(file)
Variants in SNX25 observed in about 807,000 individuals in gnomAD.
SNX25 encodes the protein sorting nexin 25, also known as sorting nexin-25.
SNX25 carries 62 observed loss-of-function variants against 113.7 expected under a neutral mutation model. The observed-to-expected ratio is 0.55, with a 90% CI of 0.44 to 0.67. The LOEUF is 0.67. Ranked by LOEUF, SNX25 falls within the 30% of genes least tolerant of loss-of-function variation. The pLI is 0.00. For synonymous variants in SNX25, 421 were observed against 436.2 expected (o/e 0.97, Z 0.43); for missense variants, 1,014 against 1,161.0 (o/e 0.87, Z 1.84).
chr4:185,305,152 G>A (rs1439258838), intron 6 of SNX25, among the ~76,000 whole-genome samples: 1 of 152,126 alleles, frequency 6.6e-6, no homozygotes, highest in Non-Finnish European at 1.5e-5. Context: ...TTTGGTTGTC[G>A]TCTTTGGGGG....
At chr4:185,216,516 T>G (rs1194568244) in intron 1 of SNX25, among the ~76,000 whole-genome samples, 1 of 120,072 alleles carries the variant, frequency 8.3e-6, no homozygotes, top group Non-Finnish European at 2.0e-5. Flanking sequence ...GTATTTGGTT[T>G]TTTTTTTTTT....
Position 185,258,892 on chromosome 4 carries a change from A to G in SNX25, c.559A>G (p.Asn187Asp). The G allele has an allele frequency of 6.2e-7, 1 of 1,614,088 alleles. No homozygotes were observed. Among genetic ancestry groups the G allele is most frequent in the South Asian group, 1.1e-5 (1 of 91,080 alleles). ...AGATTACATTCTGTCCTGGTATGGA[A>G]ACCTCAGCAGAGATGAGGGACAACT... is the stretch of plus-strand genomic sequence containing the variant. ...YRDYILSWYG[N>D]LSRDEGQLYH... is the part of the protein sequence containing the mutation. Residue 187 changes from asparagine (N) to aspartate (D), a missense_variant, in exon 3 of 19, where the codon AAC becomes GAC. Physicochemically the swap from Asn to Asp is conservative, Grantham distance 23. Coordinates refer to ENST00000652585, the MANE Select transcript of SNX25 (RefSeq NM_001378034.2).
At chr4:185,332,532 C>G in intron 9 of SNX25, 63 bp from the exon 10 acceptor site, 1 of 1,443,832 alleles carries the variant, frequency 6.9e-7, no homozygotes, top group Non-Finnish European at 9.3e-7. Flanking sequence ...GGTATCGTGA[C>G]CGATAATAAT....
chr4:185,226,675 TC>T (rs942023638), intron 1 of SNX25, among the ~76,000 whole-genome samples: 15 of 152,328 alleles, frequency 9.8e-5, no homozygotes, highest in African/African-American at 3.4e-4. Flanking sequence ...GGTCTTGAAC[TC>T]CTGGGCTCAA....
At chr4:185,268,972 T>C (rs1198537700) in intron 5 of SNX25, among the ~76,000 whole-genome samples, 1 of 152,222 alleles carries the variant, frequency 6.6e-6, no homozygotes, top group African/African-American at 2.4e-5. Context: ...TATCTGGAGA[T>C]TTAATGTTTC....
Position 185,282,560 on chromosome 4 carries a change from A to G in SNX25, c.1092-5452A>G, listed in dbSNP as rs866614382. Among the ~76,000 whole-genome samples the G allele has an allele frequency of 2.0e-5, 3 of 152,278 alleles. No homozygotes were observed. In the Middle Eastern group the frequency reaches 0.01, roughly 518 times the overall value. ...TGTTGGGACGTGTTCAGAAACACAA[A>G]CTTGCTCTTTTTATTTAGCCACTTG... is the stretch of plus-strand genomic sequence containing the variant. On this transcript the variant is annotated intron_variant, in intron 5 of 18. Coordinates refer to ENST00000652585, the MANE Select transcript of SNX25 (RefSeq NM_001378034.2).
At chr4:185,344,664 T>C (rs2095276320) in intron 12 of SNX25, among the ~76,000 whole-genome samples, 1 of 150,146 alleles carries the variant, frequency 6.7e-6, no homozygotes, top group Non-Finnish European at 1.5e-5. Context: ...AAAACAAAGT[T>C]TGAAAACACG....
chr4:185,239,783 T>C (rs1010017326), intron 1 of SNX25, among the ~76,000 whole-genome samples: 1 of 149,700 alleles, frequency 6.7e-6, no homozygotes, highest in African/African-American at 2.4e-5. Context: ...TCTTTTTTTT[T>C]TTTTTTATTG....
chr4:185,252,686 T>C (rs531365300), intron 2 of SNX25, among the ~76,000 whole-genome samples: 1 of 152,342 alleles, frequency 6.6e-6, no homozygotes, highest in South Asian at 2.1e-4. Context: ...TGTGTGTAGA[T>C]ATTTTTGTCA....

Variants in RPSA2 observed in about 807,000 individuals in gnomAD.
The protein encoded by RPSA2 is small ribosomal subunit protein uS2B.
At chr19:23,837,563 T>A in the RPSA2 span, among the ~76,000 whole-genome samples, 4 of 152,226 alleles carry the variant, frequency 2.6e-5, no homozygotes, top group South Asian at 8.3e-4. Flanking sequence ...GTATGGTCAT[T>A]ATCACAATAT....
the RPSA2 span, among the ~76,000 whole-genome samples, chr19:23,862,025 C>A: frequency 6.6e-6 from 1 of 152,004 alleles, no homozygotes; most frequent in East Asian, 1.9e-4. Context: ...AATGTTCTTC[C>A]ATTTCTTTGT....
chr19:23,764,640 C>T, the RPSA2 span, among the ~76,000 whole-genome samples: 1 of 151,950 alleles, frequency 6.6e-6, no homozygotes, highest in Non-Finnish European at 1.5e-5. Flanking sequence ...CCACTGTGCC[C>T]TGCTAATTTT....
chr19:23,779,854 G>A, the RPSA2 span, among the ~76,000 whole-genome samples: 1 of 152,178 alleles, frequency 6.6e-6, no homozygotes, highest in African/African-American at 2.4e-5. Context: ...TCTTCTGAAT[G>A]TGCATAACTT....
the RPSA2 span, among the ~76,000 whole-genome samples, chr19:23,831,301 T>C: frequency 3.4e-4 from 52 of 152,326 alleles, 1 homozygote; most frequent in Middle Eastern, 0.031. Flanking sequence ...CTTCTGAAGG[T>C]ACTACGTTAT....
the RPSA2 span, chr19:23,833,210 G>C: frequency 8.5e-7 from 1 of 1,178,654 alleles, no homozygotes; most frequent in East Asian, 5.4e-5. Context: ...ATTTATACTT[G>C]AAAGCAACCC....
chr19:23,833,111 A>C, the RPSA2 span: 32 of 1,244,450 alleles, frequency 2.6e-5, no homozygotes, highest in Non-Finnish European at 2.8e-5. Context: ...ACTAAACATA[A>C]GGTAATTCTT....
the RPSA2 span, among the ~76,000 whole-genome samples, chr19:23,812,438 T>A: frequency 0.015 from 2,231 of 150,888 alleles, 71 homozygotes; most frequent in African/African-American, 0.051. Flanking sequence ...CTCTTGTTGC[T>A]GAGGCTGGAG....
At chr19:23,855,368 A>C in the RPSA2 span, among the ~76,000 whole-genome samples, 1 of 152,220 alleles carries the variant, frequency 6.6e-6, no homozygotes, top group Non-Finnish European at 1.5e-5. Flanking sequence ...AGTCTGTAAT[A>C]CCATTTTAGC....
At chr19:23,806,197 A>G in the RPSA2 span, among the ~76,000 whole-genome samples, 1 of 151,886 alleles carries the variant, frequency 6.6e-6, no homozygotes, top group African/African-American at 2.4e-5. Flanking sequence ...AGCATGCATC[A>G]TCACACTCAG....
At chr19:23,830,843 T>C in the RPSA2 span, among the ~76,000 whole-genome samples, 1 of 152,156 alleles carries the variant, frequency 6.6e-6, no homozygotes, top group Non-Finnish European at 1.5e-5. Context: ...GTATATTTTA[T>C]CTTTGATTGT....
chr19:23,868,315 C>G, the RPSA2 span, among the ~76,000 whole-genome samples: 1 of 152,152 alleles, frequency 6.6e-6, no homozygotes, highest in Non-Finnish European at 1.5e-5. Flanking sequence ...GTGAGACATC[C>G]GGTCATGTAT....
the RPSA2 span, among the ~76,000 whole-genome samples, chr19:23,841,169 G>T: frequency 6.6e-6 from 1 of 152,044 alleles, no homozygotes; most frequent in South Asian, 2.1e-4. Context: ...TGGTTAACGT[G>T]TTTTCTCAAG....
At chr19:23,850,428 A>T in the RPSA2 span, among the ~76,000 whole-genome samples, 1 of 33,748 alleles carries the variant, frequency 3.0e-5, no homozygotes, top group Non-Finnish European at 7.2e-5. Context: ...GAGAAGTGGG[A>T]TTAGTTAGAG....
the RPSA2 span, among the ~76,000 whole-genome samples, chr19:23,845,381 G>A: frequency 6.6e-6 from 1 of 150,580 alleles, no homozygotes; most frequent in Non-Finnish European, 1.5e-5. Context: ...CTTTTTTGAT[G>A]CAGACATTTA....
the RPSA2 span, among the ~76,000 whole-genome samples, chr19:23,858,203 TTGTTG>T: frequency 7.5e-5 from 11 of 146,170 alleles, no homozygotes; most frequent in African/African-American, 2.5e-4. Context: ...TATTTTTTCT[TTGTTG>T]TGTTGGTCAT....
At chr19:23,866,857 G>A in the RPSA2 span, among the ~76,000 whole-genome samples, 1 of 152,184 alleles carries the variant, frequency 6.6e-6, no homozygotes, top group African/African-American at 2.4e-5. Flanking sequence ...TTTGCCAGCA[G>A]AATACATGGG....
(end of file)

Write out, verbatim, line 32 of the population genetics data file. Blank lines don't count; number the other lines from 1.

At chr19:23,866,857 G>A in the RPSA2 span, among the ~76,000 whole-genome samples, 1 of 152,184 alleles carries the variant, frequency 6.6e-6, no homozygotes, top group African/African-American at 2.4e-5. Flanking sequence ...TTTGCCAGCA[G>A]AATACATGGG....